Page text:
NZ’s approach to sex work under fire

Newsroom NZ 21 November 2017
Family First Comment: “… supporters of outright abolition, argue that reform has worsened the relationship with the police, many of whom are wilfully ignorant of issues of consent in the sex industry and turn a blind eye to its violence. Worse still, the law entrenches other aspects of patriarchal power by legitimising a sexist industry. The balance of power has shifted from sex workers to brothel owners; what was once viewed as sexual violence is now viewed as a mere ‘occupational hazard’.” 

A new book by British journalist and academic Julie Bindel has taken aim at New Zealand’s landmark Prostitution Reform Act (PRA), accusing it of further entrenching a culture of violence against women and failing, at the most basic level, to fulfil its primary function: to improve the lives of sex workers.

In 2003, New Zealand became the first country in the world to fully decriminalise both the selling and, controversially, the buying of sex. Prostitution was not fully legalised — migrant workers were prohibited from working in the trade and certain aspects of sex work were specifically regulated, like the compulsory use of condoms, but the PRA went further than any other country by legalising most aspects of the industry.

Decriminalisation, in the words of the act’s sponsor, then-Labour MP Tim Barnett, accepts the ‘inevitability of prostitution’ and, through practical and enforceable regulation, works to “minimise a specific harm”.

Supporters argued that it would raise the safety of sex work and the standard of brothels by taking them out of the ambit of gangs and drug lords, whilst extending to sex workers health and safety benefits in line with New Zealand’s existing employment laws.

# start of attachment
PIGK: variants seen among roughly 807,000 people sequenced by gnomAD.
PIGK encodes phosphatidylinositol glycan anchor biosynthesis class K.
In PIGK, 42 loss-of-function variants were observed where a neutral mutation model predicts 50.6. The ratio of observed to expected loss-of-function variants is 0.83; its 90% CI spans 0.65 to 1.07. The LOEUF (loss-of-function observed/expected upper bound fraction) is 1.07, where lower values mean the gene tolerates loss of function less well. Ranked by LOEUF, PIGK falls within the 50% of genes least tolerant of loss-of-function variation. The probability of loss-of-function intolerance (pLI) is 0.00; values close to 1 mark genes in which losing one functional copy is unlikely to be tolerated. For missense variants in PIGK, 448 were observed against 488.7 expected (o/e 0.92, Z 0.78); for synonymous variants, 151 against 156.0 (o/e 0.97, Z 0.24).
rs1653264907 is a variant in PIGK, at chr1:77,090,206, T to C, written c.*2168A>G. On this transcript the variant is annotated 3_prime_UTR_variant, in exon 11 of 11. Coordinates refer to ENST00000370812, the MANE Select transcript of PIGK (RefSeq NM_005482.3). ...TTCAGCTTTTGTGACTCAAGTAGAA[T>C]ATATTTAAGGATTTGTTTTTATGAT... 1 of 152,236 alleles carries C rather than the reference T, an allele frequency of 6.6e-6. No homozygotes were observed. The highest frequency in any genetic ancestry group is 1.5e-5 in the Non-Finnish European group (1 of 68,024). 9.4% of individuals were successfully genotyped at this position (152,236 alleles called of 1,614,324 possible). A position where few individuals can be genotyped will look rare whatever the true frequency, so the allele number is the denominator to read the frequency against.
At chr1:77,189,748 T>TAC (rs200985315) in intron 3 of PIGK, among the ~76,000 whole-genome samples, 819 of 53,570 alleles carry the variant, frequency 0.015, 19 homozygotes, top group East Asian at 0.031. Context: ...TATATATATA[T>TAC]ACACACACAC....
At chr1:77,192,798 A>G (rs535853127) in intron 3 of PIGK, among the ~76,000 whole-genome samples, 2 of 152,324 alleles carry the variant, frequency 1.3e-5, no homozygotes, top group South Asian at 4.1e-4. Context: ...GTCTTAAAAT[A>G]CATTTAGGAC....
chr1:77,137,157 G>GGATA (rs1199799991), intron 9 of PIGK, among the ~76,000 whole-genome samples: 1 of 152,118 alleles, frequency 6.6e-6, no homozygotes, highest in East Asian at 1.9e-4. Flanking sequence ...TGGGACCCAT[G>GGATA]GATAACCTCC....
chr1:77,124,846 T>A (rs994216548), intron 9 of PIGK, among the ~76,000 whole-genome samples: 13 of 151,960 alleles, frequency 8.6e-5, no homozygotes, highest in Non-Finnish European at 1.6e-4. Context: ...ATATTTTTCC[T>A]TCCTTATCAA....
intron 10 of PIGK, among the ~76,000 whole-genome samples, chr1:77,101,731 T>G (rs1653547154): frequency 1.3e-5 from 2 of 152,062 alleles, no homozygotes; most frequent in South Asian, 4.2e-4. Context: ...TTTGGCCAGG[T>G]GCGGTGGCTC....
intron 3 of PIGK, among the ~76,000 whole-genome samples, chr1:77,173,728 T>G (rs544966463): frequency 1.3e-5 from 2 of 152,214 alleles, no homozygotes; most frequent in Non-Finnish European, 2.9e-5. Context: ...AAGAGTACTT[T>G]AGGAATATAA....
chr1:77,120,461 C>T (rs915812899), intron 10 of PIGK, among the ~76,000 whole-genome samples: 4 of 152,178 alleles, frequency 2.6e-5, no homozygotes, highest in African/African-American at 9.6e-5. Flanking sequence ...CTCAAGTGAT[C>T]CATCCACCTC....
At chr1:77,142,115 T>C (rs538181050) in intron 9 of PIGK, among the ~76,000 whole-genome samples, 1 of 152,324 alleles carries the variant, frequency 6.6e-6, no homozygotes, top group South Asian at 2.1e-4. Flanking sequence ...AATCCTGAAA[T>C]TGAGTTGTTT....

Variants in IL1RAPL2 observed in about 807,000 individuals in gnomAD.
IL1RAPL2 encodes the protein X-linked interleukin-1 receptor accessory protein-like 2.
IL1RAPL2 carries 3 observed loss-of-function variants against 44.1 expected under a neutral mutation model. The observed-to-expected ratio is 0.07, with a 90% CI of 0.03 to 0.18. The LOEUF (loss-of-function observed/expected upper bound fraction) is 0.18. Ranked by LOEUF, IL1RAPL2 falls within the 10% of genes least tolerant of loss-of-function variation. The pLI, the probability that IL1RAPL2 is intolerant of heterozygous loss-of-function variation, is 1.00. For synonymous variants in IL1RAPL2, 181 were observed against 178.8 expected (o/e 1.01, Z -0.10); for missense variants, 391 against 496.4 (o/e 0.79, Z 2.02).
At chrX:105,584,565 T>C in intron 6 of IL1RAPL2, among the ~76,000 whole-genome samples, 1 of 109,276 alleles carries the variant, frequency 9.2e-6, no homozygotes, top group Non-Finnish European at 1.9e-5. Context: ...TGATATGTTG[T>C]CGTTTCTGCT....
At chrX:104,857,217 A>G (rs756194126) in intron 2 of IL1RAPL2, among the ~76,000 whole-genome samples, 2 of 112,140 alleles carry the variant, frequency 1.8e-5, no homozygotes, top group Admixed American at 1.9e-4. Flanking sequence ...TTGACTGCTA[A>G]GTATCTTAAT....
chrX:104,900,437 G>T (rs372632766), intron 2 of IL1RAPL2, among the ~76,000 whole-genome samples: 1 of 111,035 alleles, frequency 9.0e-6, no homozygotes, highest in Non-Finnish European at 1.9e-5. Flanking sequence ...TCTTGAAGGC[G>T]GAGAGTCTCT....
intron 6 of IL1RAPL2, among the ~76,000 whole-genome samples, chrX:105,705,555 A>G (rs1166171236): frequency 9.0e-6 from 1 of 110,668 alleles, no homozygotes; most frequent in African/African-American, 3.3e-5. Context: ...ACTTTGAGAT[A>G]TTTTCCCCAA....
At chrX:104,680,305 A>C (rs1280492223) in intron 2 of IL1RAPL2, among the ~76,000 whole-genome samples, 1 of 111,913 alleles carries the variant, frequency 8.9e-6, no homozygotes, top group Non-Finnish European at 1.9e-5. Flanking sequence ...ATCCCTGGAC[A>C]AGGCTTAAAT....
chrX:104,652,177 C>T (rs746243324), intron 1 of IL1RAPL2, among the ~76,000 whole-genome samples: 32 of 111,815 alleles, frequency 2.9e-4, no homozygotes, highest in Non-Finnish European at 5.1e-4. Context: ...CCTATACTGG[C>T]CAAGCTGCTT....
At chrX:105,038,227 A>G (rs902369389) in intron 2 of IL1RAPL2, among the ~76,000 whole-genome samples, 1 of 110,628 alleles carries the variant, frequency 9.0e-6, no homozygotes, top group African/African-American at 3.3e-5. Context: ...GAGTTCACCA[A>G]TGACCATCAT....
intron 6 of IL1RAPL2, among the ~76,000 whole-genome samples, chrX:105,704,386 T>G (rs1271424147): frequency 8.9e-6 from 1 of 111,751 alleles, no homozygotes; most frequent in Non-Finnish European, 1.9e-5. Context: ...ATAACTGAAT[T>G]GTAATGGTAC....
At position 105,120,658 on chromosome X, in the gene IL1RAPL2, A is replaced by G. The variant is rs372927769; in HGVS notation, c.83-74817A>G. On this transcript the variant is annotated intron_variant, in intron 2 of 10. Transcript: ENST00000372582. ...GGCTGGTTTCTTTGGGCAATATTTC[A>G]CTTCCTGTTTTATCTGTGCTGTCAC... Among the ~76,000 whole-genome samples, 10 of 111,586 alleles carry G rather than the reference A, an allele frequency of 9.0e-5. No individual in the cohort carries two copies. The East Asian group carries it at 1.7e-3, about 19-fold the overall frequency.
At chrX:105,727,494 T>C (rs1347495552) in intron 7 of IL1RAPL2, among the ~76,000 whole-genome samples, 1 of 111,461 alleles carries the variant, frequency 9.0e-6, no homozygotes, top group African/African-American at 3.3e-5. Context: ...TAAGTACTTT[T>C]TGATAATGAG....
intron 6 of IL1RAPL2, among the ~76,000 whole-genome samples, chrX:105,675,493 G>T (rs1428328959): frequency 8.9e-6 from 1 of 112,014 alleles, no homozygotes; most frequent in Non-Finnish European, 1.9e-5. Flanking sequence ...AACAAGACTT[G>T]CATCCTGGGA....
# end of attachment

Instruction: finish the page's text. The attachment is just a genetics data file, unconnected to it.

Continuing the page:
The ambition of the law was that sex workers could work more safely in groups or with professional managers in brothels. Should something go wrong, sex workers should feel more empowered to go to the police or colleagues without fear of incriminating themselves.

Bindel, and fellow supporters of outright abolition, argue that reform has worsened the relationship with the police, many of whom are wilfully ignorant of issues of consent in the sex industry and turn a blind eye to its violence. Worse still, the law entrenches other aspects of patriarchal power by legitimising a sexist industry.

The balance of power has shifted from sex workers to brothel owners; what was once viewed as sexual violence is now viewed as a mere ‘occupational hazard’. Bindel cites a government review of the PRA undertaken by the Prostitution Law Review Committee in 2008, which found that most sex workers believe that decriminalisation ‘could do little about the violence that occurred’ in the industry.

…..Alternatives to decriminalisation
The most popular alternative to the New Zealand model, and the model advocated by Bindel, is the Swedish (or Nordic) model, which decriminalises the selling of sex, thereby protecting sex workers, but criminalises the purchase of sex.

Based on Sweden’s ‘Kvinnofrid’ law, versions of which have since spread to a number of Nordic countries, it takes as its basic premise that prostitution is sexist and therefore incompatible with Sweden’s goal of eradicating gender inequality. The argument goes that women enter the industry because of poverty, drugs or trafficking and that the state should at once try and reduce the harm to sex workers themselves, whilst also working to stamp out the industry altogether.

New Zealand studies, like that undertaken by Abel, Fitzgerald, and Brunton broadly line up with this view of entering sex work. Most begin sex work for financial reasons (73 percent of respondents needed money to pay for household expenses).
READ MORE: https://www.newsroom.co.nz/2017/11/21/62355/nzs-approach-to-sex-work-under-fire

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